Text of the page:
Some Borrowers Love Escrow; Others Aren’t So Keen
Escrow has its upsides. Here are three of them:
- It’s kind of like having a personal assistant! The borrower can have everything mortgage-related done in a single auto-payment. The mortgage servicer takes care of the distributions.
- Escrow keeps a borrower making steady payments. There is no need to suddenly have to come up with big chunks of money when the tax bill or insurance premium is due.
- Plus, there’s just one record to look at. The mortgage servicer keeps a running account of the monthly mortgage payments, broken down. It sends its customers statements, and an individual account record should be easily found on the servicer’s website.
Nevertheless, some borrowers just aren’t so keen on the idea. They can waive escrow if the lender says so. There may be a fee for the waiver.
Permission to close an escrow account often depends on whether the borrower has a perfect payment record for a year or more, keeps a high credit rating, and has paid down at least 20% of the home’s value. The rationale? Financially predictable borrowers who have already invested substantial amounts in their homes are unlikely to let their housing payments lapse.
And if a lapse does occur, the lender can force reinstatement of the escrow account.
Sometimes, There’s No Choice
Borrowers with certain loan types will have escrow as part of the bargain. For just four examples:
- All mortgages backed by Fannie and Freddie have escrow accounts. Exceptions are allowed only by the lender’s written waiver.
- FHA loans, too, all come with escrow accounts.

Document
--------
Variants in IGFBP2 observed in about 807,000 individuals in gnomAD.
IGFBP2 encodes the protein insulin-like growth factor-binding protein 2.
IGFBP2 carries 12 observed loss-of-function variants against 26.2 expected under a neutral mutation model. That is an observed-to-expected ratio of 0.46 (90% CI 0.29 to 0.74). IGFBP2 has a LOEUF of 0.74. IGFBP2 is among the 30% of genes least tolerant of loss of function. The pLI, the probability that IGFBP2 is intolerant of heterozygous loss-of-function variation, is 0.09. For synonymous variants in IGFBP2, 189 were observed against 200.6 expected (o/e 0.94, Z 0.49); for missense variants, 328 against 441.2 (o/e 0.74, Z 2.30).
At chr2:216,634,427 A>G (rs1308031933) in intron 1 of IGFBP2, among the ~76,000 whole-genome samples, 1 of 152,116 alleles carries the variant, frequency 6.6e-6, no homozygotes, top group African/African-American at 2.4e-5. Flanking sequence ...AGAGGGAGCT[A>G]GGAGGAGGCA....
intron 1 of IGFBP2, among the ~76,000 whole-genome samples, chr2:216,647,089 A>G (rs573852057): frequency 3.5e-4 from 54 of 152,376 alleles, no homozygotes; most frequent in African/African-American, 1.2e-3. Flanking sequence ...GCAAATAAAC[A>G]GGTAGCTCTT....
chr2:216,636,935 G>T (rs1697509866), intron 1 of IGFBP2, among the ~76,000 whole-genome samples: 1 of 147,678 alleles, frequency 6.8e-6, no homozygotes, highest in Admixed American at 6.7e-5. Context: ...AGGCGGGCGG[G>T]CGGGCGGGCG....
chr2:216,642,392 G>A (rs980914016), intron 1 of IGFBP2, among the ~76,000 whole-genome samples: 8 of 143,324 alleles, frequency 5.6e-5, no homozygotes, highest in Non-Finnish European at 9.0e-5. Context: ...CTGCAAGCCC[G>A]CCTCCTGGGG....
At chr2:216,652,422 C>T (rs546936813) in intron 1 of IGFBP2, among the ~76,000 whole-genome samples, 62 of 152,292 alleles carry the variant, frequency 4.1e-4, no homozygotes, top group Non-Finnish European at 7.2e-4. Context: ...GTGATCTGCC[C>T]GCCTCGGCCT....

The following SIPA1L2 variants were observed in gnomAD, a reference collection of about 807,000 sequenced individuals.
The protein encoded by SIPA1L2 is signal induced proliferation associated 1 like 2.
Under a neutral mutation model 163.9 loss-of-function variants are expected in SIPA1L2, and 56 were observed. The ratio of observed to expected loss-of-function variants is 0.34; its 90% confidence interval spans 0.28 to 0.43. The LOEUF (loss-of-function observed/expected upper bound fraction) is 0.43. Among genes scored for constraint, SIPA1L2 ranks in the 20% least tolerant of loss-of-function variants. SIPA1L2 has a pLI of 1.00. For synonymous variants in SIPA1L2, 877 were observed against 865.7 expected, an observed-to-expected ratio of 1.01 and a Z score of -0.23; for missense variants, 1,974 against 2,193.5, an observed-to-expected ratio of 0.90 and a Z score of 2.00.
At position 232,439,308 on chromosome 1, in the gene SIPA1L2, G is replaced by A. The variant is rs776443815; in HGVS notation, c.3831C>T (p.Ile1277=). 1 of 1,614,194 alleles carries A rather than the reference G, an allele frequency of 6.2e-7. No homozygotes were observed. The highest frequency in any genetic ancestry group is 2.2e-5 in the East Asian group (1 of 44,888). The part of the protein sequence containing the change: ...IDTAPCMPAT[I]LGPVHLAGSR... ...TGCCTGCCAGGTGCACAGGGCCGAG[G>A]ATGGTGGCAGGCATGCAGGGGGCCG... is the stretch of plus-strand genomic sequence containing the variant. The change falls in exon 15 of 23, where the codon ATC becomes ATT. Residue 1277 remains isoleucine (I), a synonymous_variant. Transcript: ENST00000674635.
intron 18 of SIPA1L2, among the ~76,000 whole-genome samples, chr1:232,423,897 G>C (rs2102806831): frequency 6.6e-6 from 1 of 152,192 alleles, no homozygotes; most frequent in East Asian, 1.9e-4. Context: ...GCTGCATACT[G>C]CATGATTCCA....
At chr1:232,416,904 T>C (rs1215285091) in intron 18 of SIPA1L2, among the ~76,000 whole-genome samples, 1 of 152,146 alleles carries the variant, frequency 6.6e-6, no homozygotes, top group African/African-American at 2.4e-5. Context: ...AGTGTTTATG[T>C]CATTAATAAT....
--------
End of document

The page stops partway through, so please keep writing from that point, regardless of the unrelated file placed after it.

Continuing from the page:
- Higher-priced mortgage loans used to require them, for the most part. But not always. And in January 2021, the Consumer Financial Protection Bureau added an “exemption from the requirement to establish escrow accounts for certain higher-priced mortgage loans.”
- Depending on what the lender says, borrowers with credit scores or down payments under a certain level may need to pay into escrow.
Being forced to pay into escrow can feel stressful, especially at the beginning when the borrower is forking over a chunk of money to establish up the account. But be aware that lenders sometimes give rewards to borrowers with escrow accounts. Preferred Rate / American Pacific Mortgage says:
Mortgage lenders sometimes offer mortgage points (0.25% discount) on the interest rate for homeowners who use an escrow account. Another option is to reduce closing costs in another category, such as the loan origination fee.
If you can get them, those breaks add up!
Anything Else a Borrower Should Know?
If you want to be escrow-free, ask your mortgage servicer if you may shut the account. Just be sure you really want to let go of the convenience. How much additional work can you expect to do if you cancel it? And will you have to submit proof of your bill payments to the company?
If you keep your escrow account, expect to pay more upfront than the minimum to cover your bills. Taxes and insurance costs can change, so your escrow payments may sometimes be higher than necessary. You will get a refund periodically for unused funds.
Watch your mail carefully, as escrow refunds can look more like regular statements than checks! The last thing any homeowner wants to do is leave money on the table.
Rebecca Lake for SmartAsset Advisors, LLC (a part of Financial Insight Technology): Should You Escrow Property Taxes and Insurance? (Apr. 6, 2022).
Christy Bieber for The Ascent (a part of Motley Fool): Why I Waived Escrow on My Mortgage (updated Jul. 19, 2021).
Kenneth R. Harney for The Washington Post: Major Lender Allows Borrowers to Go Without Escrow Accounts (Aug. 1, 2018).
And as linked.